Introduction to the Principles of Morals and Legislation

Jeremy Bentham

Chapter 10, Footnote #05
Pleasures always good

Let a man's motive be ill-will; call it even malice, envy, cruelty, it is still a kind of pleasure that is his motive: the pleasure he takes at the thought of the pain which he sees, or expects to see, his adversary undergo. Now even this wretched pleasure, taken by itself, is good: it may be faint; it may be short: it must at any rate be impure: yet while it lasts, and before any bad consequences arrive, it is as good as any other that is not more intense.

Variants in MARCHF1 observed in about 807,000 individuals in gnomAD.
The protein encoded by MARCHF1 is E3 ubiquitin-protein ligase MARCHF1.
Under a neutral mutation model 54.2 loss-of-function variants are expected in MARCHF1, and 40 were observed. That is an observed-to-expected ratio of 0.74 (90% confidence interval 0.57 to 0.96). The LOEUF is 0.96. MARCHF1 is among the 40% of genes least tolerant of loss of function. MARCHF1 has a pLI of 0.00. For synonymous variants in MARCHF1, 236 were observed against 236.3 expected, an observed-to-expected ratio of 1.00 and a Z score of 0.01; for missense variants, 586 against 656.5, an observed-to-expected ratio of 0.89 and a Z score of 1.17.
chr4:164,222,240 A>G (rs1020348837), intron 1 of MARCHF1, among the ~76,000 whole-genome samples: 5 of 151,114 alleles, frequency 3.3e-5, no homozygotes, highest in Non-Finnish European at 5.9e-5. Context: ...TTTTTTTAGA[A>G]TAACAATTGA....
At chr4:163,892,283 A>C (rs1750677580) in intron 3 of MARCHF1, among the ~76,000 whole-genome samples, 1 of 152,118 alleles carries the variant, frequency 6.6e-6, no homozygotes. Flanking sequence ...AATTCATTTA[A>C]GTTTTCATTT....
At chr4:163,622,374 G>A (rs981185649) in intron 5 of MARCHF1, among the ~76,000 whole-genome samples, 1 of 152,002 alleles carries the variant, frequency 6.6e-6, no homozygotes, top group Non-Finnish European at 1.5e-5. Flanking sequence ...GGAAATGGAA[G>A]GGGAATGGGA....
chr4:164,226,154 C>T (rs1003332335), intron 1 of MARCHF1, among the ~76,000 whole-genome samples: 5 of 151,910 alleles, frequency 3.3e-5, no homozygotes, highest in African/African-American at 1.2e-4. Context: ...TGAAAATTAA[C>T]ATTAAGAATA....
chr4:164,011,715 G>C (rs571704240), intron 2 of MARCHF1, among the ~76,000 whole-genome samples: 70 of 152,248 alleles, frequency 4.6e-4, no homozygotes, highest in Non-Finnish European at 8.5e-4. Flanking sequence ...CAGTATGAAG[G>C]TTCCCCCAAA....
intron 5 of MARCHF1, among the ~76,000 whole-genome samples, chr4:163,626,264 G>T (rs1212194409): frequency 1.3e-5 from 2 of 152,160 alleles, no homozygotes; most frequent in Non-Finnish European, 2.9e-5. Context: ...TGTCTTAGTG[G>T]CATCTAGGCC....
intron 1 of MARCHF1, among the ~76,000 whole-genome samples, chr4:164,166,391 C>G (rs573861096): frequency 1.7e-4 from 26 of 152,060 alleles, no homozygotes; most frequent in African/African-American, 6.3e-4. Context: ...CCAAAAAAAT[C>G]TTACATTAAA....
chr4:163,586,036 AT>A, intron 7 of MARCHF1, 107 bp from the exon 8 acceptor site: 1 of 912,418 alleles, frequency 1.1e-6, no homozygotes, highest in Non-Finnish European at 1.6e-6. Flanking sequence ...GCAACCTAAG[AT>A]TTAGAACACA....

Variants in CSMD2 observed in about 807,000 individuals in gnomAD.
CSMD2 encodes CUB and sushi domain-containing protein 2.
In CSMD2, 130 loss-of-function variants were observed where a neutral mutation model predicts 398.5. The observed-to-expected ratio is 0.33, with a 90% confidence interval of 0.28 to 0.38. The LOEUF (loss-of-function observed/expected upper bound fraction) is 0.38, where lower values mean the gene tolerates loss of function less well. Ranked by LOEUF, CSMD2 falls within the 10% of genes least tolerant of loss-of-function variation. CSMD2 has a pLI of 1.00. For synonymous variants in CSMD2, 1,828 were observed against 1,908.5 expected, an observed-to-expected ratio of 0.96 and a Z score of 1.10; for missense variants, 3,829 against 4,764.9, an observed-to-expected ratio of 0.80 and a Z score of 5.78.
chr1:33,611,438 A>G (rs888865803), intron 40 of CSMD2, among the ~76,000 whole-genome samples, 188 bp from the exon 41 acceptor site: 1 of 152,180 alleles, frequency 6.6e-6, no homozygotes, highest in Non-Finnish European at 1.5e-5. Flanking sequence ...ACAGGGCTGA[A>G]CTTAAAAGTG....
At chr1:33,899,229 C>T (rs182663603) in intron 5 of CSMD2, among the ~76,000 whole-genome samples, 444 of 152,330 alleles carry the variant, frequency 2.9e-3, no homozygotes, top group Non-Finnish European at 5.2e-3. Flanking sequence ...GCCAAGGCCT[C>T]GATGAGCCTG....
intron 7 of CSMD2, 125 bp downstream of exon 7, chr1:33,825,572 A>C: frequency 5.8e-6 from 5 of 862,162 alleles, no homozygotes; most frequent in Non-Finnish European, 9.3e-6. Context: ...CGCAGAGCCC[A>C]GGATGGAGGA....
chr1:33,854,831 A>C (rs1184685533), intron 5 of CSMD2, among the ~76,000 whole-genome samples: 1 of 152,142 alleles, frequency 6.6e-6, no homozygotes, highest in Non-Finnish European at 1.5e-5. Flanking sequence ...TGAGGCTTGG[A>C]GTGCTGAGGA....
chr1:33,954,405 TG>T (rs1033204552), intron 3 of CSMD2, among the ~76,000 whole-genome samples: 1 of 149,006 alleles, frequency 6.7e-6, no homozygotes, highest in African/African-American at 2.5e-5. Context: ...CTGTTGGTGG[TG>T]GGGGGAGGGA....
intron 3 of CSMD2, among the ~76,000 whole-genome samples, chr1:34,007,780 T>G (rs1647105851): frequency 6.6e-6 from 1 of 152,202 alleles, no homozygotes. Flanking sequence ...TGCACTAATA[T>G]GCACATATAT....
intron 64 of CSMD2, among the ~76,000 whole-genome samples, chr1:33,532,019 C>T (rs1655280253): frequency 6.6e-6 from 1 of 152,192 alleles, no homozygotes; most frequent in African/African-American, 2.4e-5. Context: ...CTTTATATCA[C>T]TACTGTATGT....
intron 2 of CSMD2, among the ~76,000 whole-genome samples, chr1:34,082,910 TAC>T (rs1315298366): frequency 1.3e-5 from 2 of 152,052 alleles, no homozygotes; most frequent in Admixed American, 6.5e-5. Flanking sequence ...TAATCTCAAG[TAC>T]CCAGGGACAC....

[Back to:] IPML Chapter 10 Section 2: No motives either constantly good or constantly bad